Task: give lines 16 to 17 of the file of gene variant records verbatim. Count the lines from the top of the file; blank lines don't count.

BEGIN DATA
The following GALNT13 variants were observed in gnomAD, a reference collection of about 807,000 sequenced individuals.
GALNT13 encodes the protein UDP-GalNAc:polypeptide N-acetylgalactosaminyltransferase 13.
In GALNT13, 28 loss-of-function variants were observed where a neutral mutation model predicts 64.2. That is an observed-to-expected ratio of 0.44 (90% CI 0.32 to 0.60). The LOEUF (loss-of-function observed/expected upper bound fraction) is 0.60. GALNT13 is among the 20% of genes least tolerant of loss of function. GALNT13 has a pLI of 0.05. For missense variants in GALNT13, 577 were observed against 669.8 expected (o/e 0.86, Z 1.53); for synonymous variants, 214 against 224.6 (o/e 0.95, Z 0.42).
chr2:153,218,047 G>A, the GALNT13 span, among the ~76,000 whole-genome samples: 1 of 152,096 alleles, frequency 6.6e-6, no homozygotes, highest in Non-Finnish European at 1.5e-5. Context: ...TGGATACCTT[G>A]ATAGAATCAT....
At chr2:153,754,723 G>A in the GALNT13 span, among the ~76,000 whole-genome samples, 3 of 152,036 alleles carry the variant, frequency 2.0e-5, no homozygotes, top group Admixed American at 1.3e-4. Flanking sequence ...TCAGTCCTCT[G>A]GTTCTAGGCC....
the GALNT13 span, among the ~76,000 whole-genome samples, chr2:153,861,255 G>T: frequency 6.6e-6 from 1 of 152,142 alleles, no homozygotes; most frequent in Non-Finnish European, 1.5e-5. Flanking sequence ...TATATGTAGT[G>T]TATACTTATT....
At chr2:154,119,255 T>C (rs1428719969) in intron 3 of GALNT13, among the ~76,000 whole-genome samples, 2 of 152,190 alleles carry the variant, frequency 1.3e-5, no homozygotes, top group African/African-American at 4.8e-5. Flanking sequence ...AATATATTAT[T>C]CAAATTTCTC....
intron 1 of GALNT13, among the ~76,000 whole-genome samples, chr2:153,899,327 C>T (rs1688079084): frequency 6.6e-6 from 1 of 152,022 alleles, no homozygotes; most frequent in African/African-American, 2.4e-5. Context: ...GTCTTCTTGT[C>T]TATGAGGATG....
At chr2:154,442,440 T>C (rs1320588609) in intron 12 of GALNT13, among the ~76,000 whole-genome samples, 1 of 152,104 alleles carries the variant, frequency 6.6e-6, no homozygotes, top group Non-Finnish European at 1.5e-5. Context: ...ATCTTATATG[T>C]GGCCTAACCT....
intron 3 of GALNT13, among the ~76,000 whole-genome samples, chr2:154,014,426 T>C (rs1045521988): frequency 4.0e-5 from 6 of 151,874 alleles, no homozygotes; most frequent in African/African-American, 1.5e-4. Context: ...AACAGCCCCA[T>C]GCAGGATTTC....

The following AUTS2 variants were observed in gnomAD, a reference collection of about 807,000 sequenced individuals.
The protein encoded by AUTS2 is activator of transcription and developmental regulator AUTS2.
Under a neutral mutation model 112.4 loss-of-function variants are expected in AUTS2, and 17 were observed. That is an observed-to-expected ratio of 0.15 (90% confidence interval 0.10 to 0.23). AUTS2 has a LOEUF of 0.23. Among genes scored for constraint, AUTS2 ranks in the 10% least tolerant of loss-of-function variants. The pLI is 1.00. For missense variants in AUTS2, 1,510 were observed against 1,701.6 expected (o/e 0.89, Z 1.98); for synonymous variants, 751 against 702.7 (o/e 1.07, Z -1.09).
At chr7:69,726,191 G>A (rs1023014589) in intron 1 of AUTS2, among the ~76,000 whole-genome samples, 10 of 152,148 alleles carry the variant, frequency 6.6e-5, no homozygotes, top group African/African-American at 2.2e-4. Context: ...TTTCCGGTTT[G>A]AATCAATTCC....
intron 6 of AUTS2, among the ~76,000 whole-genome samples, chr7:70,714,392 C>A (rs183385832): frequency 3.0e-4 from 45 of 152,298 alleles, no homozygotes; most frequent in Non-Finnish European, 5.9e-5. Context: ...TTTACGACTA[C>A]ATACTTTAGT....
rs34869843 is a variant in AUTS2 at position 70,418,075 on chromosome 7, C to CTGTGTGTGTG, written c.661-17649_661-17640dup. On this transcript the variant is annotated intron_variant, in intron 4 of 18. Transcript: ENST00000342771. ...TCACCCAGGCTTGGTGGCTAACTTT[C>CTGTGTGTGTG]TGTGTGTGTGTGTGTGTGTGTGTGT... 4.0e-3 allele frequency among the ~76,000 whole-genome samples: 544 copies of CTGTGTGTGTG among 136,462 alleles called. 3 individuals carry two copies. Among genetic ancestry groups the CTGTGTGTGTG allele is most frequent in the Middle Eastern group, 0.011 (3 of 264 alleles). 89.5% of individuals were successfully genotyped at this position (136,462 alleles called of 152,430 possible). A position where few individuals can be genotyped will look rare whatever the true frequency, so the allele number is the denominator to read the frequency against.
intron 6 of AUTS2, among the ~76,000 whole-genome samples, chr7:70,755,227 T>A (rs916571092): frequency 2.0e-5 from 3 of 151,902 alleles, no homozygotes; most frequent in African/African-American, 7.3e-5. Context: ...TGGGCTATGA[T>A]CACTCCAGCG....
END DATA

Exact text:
rs34869843 is a variant in AUTS2 at position 70,418,075 on chromosome 7, C to CTGTGTGTGTG, written c.661-17649_661-17640dup. On this transcript the variant is annotated intron_variant, in intron 4 of 18. Transcript: ENST00000342771. ...TCACCCAGGCTTGGTGGCTAACTTT[C>CTGTGTGTGTG]TGTGTGTGTGTGTGTGTGTGTGTGT... 4.0e-3 allele frequency among the ~76,000 whole-genome samples: 544 copies of CTGTGTGTGTG among 136,462 alleles called. 3 individuals carry two copies. Among genetic ancestry groups the CTGTGTGTGTG allele is most frequent in the Middle Eastern group, 0.011 (3 of 264 alleles). 89.5% of individuals were successfully genotyped at this position (136,462 alleles called of 152,430 possible). A position where few individuals can be genotyped will look rare whatever the true frequency, so the allele number is the denominator to read the frequency against.
intron 6 of AUTS2, among the ~76,000 whole-genome samples, chr7:70,755,227 T>A (rs916571092): frequency 2.0e-5 from 3 of 151,902 alleles, no homozygotes; most frequent in African/African-American, 7.3e-5. Context: ...TGGGCTATGA[T>A]CACTCCAGCG....